The Chicago Blackhawks will be without starting goaltender Corey Crawford on Saturday afternoon against the Philadelphia Flyers due to an illness. That means his backup, Scott Darling, will get the start in goal. Nothing really out of the ordinary here until you realize somebody has to serve as the backup for Darling.
With Crawford unavailable, and a 1 p.m. ET puck drop preventing the team from making a call up from the American Hockey League, the team needed to scramble to find another goalie.
To fill that vacancy the team announced less than an hour before the start of their game that it has signed Eric Semborski to an amateur tryout contract to serve as Darling’s backup for the day.
If that name does not register with you, it is understandable.
According to the Blackhawks the 23-year-old Semborski “played club hockey with Temple University and for the Empire Junior Hockey League’s Jersey Wildcats.”
He has no professional hockey experience.
Every year you see a handful of situations like this when a team needs a goaltender at the last minute. It is usually a former college player or a team’s junior prospect that is closer to the team at that moment than the minor league team is. It is sure to be an amazing experience for Semborski to get to spend a day in an NHL uniform and take in the game from the bench.
The Blackhawks, on the other hand, are probably hoping nothing happens to Darling over the next two-and-a-half hours.
A growing list of injured players forced the Detroit Red Wings to make a couple of roster moves on Saturday morning before their game against the Pittsburgh Penguins.
Along with placing forward Justin Abdelkader on injured reserve, the team also announced that it has moved moved forward Andreas Athanasiou from the seven-day injured reserve to the long-term injured list.
Abdelkader was injured earlier in the week against the Florida Panthers and is expected to miss two-to-four weeks with an MCL sprain, while Athanasiou, has not played since Nov. 11 with a knee injury. Along with those two the Red Wings are also without Darren Helm, Brendan Smith, Jimmy Howard, Alexey Marchenko and Tyler Bertuzzi.
With those two roster moves made, the Red Wings made a couple of call ups from Grand Rapids of the AHL. Joining the team in Pittsburgh will be forward Tomas Nosek and defenseman Brian Lashoff.
The 24-year-old Nosek has 10 points (two goals, eight assists) in 11 games for Grand Rapids so far this season. He appeared in six games for the Red Wings a year ago and did not record a point. Lashoff, meanwhile, has been in the Red Wings organization since the 2008 season and has spent the bulk of his time since then playing in the AHL. He has 115 career games at the NHL level, 75 of them coming during the 2013-14 season, but has not played for the big club since 2014-15 when he appeared in 11 games.
He has three points (one goal, two assists) in 18 games for Grand Rapids this season.
After a 6-2-0 start to the season the Red Wings are just 5-8-3 in the 16 games that have followed.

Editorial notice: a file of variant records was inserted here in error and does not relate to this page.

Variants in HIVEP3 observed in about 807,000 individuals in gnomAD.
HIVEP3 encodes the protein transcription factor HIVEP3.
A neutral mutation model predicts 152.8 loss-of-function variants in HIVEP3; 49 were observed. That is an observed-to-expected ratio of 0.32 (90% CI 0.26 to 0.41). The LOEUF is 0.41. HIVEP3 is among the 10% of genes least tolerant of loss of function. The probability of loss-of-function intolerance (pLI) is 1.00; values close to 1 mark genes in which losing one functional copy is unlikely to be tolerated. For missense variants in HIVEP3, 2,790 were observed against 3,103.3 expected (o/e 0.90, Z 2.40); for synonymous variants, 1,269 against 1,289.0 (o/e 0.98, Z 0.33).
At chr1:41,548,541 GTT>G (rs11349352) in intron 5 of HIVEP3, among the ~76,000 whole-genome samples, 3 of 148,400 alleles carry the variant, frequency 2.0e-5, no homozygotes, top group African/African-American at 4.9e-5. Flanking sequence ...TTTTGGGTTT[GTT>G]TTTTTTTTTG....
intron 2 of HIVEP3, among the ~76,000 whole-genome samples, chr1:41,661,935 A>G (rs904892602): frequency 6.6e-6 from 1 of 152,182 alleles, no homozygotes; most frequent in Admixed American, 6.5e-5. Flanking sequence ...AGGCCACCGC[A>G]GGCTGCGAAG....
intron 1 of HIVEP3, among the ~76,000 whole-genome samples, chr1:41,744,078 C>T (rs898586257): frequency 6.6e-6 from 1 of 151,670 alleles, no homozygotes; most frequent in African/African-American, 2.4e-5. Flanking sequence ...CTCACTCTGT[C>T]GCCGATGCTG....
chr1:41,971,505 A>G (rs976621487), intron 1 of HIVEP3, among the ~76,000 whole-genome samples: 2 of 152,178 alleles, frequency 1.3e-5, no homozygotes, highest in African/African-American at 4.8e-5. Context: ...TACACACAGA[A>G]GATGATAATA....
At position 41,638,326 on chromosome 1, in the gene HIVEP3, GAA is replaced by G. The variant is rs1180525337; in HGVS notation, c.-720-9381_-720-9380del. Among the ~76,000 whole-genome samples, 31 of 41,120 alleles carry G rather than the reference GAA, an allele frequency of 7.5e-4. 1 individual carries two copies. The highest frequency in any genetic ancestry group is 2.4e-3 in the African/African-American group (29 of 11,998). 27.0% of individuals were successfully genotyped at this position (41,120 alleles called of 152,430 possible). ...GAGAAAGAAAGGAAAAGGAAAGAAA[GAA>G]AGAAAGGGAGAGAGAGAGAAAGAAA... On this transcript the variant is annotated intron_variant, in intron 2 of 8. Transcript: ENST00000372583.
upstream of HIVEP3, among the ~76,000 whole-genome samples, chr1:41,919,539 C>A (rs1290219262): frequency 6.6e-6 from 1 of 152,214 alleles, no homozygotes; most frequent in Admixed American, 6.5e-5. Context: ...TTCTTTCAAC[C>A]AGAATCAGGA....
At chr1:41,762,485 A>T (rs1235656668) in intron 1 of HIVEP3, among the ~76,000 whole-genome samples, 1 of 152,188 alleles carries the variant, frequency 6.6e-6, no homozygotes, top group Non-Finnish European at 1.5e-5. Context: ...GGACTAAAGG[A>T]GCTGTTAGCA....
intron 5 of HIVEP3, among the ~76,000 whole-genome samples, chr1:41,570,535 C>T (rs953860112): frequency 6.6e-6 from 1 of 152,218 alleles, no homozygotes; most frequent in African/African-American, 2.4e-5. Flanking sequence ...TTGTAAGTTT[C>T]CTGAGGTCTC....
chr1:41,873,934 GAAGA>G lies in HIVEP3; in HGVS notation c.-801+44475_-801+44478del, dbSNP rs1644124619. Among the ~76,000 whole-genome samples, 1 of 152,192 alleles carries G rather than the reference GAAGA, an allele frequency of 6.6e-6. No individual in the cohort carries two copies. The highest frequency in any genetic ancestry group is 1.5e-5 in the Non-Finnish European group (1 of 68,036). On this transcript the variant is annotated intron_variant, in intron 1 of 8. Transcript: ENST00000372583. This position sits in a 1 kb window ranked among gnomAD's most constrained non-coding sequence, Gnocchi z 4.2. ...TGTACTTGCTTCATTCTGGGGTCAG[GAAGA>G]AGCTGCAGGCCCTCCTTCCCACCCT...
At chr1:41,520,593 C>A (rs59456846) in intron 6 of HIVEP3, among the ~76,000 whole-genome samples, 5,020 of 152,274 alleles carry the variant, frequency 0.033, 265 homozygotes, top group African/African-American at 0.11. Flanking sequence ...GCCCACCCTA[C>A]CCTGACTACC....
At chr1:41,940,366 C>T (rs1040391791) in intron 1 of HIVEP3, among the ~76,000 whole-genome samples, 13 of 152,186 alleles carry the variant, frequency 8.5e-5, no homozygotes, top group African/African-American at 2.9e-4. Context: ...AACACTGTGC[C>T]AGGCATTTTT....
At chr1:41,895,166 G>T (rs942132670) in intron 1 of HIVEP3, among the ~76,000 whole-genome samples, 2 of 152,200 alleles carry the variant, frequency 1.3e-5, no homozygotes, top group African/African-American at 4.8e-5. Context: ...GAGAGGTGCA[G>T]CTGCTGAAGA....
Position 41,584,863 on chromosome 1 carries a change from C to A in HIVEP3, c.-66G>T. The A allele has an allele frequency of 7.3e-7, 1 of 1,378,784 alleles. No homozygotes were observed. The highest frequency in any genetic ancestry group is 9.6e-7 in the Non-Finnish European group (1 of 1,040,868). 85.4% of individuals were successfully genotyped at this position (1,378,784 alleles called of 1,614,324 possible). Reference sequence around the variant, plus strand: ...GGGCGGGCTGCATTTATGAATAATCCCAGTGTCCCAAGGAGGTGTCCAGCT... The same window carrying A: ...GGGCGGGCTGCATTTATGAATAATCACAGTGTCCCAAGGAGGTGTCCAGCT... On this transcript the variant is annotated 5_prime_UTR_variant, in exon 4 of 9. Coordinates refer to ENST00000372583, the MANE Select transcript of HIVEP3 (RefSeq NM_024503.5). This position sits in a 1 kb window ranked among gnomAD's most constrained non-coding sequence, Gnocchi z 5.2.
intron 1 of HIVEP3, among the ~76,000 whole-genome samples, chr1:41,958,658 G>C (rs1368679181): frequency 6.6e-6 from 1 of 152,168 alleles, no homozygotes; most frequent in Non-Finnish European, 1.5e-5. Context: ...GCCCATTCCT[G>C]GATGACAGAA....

Coming off of a season where they finished with the fourth-worst record in the league, expectations were remarkably low for the Columbus Blue Jackets entering this season. Being on the outside of the playoff picture for the third year in a row seemed like a given. Being one of the worst teams in the league again, if not the worst team, seemed like a real possibility.
But entering play on Saturday they have been, by far, the NHL’s biggest surprise with a 13-5-4 record through their first 22 games, putting them in third place in the Metropolitan Division just one point behind the Pittsburgh Penguins, and only three points behind the New York Rangers with multiple games in hand on both teams. It is still the best start in the history of the franchise.
Let’s take a look at what is behind their newfound success.
Sergei Bobrovsky is back
One of the biggest factors in Columbus’ miserable start a year ago was the struggles of starting goaltender Sergei Bobrovsky. A former Vezina Trophy winner, the 2015-16 season was by far Bobrovsky’s worst campaign since arriving in Columbus. So far this season, he is back on track and once again playing like one of the top goalies in the league.
In 20 starts this season he owns a .929 save percentage and has already recorded three shutouts.
At this point last season he was carrying around a .905 save percentage and talking about how he had little confidence in his game.
How much of a difference is that swing in his performance making? A massive one. He has faced an almost identical number of shots through his first 20 starts (562 in 2015-16, 566 this year), but the difference in his performance has shaved 13 goals off of the Blue Jackets’ goals against total. Add 13 goals to that total right now and they go from second in the NHL, all the way down to 15th. That alone has to be worth a couple of wins.
Goaltending is the great equalizer in hockey, and if you have a good one, or one that is simply on an incredible hot streak, it is going to mask a lot of flaws. Likewise, a goaltender that is struggling can make an otherwise good team think it has a lot of problems.